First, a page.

Chinua Achebe: Three Remarkable Books You Can Read in a Weekend

The "father of modern African literature" would be 87 this year.

Flickr / Paull Young

Google celebrated the birthday of prolific writer Chinua Achebe on Thursday with a Google Doodle to honor the mind who shared a new perspective on Nigerian culture and life with powerful, memorable stories. He offered a number of memorable quotes in his lifetime that combined dark humor and warmth.

“When suffering knocks at your door and you say there is no seat for him, he tells you not to worry because he has brought his own stool,” is perhaps one of Achebe’s most repeated profundities.

Achebe, who died in 2013, would have been 87 on Thursday, and the Google Doodle honors the author of Things Fall Apart, Arrow of God, Anthills of the Savannah, and dozens of other short stories, poetry anthologies, essays, and children’s books.

For his work, Achebe was honored with the Man Booker International Prize for fiction in 2007, with one judge dubbing the writer the “father of modern African literature.”

Chinua Achebe

Paris Review

Achebe’s legacy as an iconic author lives on. There are few better ways to honor him than by reading his work, which are manageable in length and can be read in just a few days, so consider reaching for one of his pieces this weekend.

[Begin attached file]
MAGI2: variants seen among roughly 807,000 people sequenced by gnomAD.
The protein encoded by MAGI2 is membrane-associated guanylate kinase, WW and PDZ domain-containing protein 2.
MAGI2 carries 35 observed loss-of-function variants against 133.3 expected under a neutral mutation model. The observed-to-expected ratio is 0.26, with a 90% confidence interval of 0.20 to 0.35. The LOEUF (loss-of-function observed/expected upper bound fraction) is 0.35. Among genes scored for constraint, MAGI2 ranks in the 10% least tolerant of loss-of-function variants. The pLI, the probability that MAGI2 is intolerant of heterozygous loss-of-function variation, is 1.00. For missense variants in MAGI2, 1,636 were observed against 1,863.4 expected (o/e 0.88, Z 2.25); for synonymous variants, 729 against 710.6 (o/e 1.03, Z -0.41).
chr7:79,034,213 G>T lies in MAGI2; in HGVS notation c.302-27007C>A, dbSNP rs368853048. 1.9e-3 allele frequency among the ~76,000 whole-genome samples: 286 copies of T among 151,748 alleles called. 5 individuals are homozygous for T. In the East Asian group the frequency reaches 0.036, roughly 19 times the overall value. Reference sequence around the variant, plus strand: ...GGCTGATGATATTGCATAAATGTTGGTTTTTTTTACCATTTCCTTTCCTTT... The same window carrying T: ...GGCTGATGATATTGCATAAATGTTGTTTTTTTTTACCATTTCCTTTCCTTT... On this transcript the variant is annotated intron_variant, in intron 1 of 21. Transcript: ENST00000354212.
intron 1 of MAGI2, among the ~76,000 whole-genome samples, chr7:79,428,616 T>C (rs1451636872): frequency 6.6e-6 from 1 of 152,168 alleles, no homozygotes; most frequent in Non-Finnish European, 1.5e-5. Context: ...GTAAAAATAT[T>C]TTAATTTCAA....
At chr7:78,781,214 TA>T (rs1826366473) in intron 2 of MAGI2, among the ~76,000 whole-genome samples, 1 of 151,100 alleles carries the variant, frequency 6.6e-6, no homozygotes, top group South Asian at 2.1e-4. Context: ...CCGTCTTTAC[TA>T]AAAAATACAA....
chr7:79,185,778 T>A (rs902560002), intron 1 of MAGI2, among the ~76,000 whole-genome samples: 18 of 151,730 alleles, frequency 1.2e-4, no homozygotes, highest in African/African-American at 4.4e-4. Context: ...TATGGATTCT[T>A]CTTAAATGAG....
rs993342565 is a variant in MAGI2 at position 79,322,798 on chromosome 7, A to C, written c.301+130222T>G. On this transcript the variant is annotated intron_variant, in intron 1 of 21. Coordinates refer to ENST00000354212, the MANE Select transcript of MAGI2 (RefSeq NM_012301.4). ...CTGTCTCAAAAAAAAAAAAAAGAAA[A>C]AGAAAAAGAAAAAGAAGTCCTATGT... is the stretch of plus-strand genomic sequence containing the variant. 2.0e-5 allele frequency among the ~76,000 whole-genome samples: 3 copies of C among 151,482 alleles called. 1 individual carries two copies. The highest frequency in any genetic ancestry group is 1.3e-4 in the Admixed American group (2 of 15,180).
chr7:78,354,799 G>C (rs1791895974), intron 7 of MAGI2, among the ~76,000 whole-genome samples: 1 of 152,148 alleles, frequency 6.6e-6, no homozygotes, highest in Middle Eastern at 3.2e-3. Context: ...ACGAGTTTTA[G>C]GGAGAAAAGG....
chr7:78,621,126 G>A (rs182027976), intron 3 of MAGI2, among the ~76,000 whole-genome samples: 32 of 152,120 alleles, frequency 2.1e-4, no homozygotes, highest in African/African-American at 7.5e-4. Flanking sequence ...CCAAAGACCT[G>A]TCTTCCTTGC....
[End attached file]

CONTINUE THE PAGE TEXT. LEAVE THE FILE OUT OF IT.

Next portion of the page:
Flickr / Paull Young

Things Fall Apart

Achebe’s most widely read novel follows the life of Okonkwo, a warrior in the Igbo village, as his community falls under British rule, colonialism destroys their traditions, and he is resistance to change. The book is 64,790 words long and can be read in 4 hours and 19 minutes on average, says. This is a must-read and considered to be one of the most important pieces of African literature. It’s been translated into 57 languages and 20 million copies have been sold worldwide.

Arrow of God

This book contains many of the same themes found in Things Fall Apart, once again following the Igbo village’s relationship with British colonialism. The main character this time is a priest named Ezeulu, and the book documents his struggle to maintain his people’s customs while they’re taken over by Christianity and Western values. This novel is 71,300 words and takes, on average, 4 hours and 45 minutes to read, according to

Anthills of the Savannah

Achebe wrote this book in 1987 after a 21-year hiatus since his previous book was published. The plot takes place in a fictionalized African country that’s gained independence from Britain and now struggles to thrive amid political corruption and social injustice. However, the book’s later release did not have a poor effect on his career; it instead was seen to revive his legacy. This book is 66,960 words long, and says it takes 4 hours and 27 minutes to read.

Google’s creation honors a writer who was outspoken in criticizing those he felt were damaging to Nigeria and to society. Many, including the Library of Congress, celebrate his legacy today by continuing to read and discuss the impact of his writing.

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